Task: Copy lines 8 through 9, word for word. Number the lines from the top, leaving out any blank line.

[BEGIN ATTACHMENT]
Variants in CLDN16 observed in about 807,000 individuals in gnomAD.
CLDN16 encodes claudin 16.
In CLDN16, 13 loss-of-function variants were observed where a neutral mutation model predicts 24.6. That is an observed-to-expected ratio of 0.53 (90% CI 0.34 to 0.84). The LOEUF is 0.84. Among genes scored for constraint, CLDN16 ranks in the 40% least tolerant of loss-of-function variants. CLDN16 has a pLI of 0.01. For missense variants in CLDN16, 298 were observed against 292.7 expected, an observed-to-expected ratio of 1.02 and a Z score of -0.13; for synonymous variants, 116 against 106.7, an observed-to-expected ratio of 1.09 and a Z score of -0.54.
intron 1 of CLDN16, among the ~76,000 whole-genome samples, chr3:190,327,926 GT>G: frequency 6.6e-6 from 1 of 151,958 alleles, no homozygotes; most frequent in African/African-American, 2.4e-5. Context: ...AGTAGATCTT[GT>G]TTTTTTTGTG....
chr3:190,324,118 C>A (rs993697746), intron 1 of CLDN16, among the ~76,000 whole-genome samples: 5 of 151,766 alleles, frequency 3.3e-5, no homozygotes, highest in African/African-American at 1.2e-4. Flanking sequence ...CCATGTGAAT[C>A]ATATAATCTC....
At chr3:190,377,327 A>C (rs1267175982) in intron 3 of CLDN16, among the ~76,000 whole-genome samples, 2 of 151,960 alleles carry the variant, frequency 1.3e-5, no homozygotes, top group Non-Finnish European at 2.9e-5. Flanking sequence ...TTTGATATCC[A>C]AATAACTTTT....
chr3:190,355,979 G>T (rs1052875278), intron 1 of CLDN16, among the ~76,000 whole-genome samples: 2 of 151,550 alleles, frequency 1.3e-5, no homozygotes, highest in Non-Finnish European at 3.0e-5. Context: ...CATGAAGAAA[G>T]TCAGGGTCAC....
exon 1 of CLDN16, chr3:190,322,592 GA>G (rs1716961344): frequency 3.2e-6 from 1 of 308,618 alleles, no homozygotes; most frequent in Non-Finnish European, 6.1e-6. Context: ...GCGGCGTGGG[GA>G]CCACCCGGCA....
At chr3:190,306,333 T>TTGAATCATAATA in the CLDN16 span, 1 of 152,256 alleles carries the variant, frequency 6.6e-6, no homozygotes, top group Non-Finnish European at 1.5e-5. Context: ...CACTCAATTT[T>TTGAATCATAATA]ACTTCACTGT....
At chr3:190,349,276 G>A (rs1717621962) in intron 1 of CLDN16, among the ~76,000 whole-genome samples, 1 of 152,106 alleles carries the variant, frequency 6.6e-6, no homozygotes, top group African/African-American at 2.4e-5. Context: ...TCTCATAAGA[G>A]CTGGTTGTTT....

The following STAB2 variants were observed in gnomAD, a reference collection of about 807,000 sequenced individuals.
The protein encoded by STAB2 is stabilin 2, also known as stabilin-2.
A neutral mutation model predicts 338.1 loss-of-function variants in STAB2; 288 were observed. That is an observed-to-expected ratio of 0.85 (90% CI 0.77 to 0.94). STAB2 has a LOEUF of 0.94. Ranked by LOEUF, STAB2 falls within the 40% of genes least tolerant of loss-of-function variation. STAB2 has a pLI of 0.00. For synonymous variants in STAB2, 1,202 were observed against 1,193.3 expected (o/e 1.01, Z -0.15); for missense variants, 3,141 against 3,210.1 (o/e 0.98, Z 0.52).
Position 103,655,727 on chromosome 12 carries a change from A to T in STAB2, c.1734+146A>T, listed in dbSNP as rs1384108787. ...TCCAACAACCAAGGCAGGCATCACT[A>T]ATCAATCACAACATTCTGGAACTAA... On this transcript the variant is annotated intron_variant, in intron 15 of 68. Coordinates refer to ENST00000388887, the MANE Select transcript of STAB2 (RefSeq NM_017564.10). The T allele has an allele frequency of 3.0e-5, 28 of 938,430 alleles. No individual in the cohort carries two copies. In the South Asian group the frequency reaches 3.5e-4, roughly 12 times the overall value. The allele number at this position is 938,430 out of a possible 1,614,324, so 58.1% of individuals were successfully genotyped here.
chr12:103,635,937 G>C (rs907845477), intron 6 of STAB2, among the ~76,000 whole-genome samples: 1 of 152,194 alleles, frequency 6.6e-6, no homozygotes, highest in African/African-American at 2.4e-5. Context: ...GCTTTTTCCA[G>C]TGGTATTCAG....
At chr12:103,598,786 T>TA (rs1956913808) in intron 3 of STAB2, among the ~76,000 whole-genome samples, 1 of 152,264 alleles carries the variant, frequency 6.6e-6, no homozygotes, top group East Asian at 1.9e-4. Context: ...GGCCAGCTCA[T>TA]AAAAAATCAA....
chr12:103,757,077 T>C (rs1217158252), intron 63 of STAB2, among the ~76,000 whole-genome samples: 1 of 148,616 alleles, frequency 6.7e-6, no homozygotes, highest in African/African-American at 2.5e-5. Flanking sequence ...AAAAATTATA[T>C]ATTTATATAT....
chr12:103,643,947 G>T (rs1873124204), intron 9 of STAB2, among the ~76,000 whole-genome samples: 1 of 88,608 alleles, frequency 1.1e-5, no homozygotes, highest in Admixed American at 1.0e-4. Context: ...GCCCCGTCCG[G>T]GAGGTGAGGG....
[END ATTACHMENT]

exon 1 of CLDN16, chr3:190,322,592 GA>G (rs1716961344): frequency 3.2e-6 from 1 of 308,618 alleles, no homozygotes; most frequent in Non-Finnish European, 6.1e-6. Context: ...GCGGCGTGGG[GA>G]CCACCCGGCA....
At chr3:190,306,333 T>TTGAATCATAATA in the CLDN16 span, 1 of 152,256 alleles carries the variant, frequency 6.6e-6, no homozygotes, top group Non-Finnish European at 1.5e-5. Context: ...CACTCAATTT[T>TTGAATCATAATA]ACTTCACTGT....